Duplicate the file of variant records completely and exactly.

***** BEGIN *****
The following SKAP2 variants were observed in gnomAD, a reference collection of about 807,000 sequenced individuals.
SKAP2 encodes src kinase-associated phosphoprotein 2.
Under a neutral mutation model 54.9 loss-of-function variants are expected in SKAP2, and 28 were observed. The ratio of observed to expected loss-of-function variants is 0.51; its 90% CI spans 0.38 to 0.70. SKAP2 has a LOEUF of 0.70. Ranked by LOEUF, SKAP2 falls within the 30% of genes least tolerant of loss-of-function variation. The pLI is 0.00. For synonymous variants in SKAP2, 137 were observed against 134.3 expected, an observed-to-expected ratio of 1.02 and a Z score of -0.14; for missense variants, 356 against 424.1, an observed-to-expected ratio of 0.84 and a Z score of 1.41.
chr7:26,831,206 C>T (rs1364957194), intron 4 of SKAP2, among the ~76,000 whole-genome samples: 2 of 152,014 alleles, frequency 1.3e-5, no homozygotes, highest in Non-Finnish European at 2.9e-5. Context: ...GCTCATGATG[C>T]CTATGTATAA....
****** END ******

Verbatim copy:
The following SKAP2 variants were observed in gnomAD, a reference collection of about 807,000 sequenced individuals.
SKAP2 encodes src kinase-associated phosphoprotein 2.
Under a neutral mutation model 54.9 loss-of-function variants are expected in SKAP2, and 28 were observed. The ratio of observed to expected loss-of-function variants is 0.51; its 90% CI spans 0.38 to 0.70. SKAP2 has a LOEUF of 0.70. Ranked by LOEUF, SKAP2 falls within the 30% of genes least tolerant of loss-of-function variation. The pLI is 0.00. For synonymous variants in SKAP2, 137 were observed against 134.3 expected, an observed-to-expected ratio of 1.02 and a Z score of -0.14; for missense variants, 356 against 424.1, an observed-to-expected ratio of 0.84 and a Z score of 1.41.
chr7:26,831,206 C>T (rs1364957194), intron 4 of SKAP2, among the ~76,000 whole-genome samples: 2 of 152,014 alleles, frequency 1.3e-5, no homozygotes, highest in Non-Finnish European at 2.9e-5. Context: ...GCTCATGATG[C>T]CTATGTATAA....